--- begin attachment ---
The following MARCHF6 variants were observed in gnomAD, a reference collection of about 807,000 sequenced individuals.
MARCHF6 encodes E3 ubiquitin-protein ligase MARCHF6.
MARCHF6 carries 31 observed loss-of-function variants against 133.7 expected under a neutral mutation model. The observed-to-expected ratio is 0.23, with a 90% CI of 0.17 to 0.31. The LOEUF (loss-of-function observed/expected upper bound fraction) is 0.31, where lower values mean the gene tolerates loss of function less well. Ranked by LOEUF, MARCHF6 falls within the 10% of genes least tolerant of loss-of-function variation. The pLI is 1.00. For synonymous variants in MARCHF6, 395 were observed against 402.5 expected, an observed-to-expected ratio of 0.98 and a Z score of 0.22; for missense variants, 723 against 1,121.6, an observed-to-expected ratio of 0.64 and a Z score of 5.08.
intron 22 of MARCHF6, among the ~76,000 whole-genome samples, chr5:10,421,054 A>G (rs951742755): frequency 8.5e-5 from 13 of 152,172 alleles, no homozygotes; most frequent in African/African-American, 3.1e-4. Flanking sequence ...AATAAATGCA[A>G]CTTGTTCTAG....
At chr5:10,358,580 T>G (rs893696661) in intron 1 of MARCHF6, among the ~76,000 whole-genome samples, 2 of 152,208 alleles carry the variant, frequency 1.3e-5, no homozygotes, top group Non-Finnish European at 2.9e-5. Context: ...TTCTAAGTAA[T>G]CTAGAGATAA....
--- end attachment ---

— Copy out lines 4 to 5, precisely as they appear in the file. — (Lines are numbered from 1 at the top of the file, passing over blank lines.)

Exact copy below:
intron 22 of MARCHF6, among the ~76,000 whole-genome samples, chr5:10,421,054 A>G (rs951742755): frequency 8.5e-5 from 13 of 152,172 alleles, no homozygotes; most frequent in African/African-American, 3.1e-4. Flanking sequence ...AATAAATGCA[A>G]CTTGTTCTAG....
At chr5:10,358,580 T>G (rs893696661) in intron 1 of MARCHF6, among the ~76,000 whole-genome samples, 2 of 152,208 alleles carry the variant, frequency 1.3e-5, no homozygotes, top group Non-Finnish European at 2.9e-5. Context: ...TTCTAAGTAA[T>G]CTAGAGATAA....